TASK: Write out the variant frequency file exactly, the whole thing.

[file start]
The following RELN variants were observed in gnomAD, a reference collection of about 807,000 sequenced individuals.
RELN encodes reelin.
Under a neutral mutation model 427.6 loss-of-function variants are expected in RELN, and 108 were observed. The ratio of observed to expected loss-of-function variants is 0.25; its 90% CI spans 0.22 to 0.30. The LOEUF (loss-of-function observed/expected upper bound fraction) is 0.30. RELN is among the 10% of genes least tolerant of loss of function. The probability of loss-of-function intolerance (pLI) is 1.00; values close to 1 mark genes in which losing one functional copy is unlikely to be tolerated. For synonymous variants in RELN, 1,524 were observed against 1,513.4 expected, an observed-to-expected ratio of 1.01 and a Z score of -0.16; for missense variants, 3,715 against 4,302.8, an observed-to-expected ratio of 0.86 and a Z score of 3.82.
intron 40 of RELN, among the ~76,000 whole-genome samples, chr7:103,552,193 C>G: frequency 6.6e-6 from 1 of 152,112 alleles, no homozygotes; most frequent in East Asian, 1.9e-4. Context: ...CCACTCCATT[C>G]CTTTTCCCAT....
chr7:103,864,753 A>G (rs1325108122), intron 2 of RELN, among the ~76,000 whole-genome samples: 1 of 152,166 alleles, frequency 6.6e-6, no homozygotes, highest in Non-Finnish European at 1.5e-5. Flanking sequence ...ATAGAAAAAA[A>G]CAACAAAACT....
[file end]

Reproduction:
The following RELN variants were observed in gnomAD, a reference collection of about 807,000 sequenced individuals.
RELN encodes reelin.
Under a neutral mutation model 427.6 loss-of-function variants are expected in RELN, and 108 were observed. The ratio of observed to expected loss-of-function variants is 0.25; its 90% CI spans 0.22 to 0.30. The LOEUF (loss-of-function observed/expected upper bound fraction) is 0.30. RELN is among the 10% of genes least tolerant of loss of function. The probability of loss-of-function intolerance (pLI) is 1.00; values close to 1 mark genes in which losing one functional copy is unlikely to be tolerated. For synonymous variants in RELN, 1,524 were observed against 1,513.4 expected, an observed-to-expected ratio of 1.01 and a Z score of -0.16; for missense variants, 3,715 against 4,302.8, an observed-to-expected ratio of 0.86 and a Z score of 3.82.
intron 40 of RELN, among the ~76,000 whole-genome samples, chr7:103,552,193 C>G: frequency 6.6e-6 from 1 of 152,112 alleles, no homozygotes; most frequent in East Asian, 1.9e-4. Context: ...CCACTCCATT[C>G]CTTTTCCCAT....
chr7:103,864,753 A>G (rs1325108122), intron 2 of RELN, among the ~76,000 whole-genome samples: 1 of 152,166 alleles, frequency 6.6e-6, no homozygotes, highest in Non-Finnish European at 1.5e-5. Flanking sequence ...ATAGAAAAAA[A>G]CAACAAAACT....